Project Leaders

Lead Researcher:
Yasunori Yamazaki

Antimatter goes Quantum Logic - Ground state cooling of antiprotons for stringent CPT tests:
Stefan Ulmer

Pinning down r-process path via precise mass and lifetime measurements of extremely rare nuclei:
Tomohiro Uesaka

Search for exotic atomic clocks and their evaluation based on System Riken:
Hidetoshi Katori

Outline of the Research

Three groups, each having cutting-edge expertise in high precision experiments, collaborate. The key of the proposal is to realize extreme precision with exotic particles such as antiproton/antihydrogen, rare short-lived nuclei, and highly charged ions (HCIs) coherently collaborating with each other, which steps the precisions out into a new regime.

Ulmer Project

Antiprotons and antihydrogen atoms are employed to test CPT symmetry with much higher precision than before by preparing orders of magnitudes colder antiproton down to a quantum level, where laser-cooling technique of Katori group and 3D detector technique of Uesaka group play essential roles. The ultra-cold antiprotons can also be used to synthesize cold antihydrogen atoms, which allows also studying the gravitational interaction between antimatter (antihydrogen) and matter (the earth).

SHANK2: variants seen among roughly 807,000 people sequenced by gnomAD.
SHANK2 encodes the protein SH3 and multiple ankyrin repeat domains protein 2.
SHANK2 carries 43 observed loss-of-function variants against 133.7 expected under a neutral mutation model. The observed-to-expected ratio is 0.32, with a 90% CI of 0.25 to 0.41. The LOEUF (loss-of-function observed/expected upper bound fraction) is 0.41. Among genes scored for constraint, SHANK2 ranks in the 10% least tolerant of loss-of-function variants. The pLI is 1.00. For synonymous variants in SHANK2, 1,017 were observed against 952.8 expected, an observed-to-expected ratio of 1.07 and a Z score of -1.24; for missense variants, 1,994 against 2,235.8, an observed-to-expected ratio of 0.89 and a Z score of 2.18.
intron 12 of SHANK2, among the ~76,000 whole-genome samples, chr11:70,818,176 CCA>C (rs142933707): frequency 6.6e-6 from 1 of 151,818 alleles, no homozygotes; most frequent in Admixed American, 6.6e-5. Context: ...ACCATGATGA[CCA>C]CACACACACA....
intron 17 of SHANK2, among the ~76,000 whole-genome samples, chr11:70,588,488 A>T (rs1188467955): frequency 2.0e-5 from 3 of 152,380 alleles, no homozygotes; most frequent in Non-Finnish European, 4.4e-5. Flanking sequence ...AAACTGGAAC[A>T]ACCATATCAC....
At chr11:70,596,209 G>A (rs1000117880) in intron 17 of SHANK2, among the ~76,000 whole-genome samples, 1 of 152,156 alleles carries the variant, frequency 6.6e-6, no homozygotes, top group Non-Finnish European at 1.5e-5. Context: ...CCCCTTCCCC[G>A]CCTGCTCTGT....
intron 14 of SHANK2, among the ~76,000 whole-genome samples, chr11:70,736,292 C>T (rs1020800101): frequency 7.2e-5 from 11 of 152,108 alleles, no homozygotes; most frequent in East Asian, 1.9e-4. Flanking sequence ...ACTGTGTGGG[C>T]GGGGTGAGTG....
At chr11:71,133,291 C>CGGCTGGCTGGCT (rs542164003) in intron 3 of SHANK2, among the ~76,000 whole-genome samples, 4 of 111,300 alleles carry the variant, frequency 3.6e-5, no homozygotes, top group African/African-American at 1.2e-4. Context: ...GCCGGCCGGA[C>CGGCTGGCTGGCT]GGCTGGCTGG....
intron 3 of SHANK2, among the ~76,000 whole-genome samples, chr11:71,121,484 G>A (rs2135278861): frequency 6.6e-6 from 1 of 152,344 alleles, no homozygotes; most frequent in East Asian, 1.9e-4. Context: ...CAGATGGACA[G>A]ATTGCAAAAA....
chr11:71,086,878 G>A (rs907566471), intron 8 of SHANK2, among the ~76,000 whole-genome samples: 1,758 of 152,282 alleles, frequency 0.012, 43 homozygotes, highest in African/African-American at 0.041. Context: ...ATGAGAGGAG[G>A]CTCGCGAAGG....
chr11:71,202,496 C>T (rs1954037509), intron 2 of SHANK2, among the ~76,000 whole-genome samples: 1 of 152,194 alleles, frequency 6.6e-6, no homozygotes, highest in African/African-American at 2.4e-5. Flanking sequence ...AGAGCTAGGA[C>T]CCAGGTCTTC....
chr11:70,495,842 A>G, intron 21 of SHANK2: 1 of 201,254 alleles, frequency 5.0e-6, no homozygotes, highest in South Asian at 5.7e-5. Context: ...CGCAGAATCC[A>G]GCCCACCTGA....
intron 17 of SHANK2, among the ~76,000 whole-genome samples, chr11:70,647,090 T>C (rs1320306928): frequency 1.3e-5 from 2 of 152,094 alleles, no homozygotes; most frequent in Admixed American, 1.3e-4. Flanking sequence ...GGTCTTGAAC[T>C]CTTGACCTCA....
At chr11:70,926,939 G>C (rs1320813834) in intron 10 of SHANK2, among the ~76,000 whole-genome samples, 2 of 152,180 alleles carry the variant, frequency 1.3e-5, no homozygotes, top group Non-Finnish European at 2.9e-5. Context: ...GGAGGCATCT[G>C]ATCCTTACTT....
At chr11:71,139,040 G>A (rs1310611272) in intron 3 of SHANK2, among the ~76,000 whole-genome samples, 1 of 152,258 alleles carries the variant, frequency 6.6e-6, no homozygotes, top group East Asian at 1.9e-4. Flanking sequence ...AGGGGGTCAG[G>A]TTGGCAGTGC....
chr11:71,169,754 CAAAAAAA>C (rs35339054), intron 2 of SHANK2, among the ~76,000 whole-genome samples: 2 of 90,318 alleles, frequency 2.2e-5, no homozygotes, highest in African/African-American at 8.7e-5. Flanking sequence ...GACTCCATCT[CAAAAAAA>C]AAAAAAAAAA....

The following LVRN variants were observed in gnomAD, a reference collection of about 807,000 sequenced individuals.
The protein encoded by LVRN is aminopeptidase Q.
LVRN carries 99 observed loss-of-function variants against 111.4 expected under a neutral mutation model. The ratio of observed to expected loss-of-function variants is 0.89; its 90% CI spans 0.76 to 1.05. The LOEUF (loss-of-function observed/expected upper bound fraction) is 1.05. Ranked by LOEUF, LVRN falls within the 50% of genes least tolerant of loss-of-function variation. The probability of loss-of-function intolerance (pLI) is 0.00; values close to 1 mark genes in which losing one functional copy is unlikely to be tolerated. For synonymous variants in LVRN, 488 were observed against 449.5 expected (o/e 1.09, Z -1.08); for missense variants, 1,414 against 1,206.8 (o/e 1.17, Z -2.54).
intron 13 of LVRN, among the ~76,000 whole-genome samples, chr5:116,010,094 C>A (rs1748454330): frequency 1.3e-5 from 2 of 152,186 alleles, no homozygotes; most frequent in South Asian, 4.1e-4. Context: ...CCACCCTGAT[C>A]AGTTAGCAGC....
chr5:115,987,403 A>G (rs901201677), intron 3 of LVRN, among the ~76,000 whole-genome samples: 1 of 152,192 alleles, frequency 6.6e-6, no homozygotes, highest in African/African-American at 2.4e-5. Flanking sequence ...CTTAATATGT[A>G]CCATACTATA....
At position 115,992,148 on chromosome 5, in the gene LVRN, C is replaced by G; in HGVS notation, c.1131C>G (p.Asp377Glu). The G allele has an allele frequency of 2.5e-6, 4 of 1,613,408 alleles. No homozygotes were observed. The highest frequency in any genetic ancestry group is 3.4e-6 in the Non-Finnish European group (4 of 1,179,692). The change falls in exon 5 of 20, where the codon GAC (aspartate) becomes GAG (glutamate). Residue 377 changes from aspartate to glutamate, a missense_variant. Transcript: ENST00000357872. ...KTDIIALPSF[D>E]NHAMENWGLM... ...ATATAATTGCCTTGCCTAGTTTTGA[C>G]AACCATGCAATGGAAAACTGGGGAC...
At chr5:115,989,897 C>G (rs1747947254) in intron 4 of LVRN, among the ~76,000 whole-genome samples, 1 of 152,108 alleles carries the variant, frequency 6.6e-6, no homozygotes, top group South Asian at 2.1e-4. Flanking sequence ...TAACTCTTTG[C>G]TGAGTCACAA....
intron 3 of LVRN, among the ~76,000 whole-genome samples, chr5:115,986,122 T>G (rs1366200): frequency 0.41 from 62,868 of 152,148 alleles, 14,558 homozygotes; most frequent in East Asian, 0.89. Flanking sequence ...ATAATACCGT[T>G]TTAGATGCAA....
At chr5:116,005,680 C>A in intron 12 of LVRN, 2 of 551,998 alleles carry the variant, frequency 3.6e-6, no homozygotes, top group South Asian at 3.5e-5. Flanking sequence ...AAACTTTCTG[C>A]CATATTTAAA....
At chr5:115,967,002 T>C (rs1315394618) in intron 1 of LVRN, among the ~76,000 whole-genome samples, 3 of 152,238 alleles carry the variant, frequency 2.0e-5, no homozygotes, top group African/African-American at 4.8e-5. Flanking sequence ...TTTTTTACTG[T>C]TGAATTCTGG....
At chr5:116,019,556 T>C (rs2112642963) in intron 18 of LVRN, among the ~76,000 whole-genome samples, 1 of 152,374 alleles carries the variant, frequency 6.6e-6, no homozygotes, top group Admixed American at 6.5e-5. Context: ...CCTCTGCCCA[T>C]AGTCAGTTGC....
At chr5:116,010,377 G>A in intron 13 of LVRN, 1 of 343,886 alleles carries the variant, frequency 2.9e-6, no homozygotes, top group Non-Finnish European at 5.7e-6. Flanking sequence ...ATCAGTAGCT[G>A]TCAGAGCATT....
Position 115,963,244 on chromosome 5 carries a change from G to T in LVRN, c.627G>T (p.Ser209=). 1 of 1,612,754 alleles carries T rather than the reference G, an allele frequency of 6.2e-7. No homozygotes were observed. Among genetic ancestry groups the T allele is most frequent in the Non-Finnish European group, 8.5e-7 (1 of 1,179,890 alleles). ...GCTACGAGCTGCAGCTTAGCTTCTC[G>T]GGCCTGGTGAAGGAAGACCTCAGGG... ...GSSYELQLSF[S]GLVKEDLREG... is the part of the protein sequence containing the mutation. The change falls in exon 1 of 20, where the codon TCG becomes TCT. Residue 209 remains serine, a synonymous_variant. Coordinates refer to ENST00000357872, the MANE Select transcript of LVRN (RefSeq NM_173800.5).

Uesaka Project

The mass and the lifetime of rare short-lived nuclei provided by the world-strongest RIBF are determined non-destructively using the rare RI Ring by developing an ultra-sensitive pick up with position information (Ulmer group). The lifetime of bare short-lived nuclei via bound-state beta decay is measured by this project, providing essential information to explain the abundance of elements in our Universe.

Katori Project

HCI atomic clocks (Ulmer group) as well as nuclear clocks made e.g. of 229Th and 235U (Uesaka group) are developed and evaluated with the optical lattice clock. The HCI atomic clock is expected to be the 3rd generation clock following the optical lattice clock, the next generation clock, invented by Katori himself. The precision has already exceeded that of the standard Cs clock (SI: Le Syst??me International d'Unit??s) by three orders of magnitude, which may proudly be named as SR (Le Syst??me Riken d'Unit??s). With this unprecedented accuracy, "New Physics" beyond the standard model can also emerge. The proposed research would accelerate the "redefinition of a second" by the SR-second.

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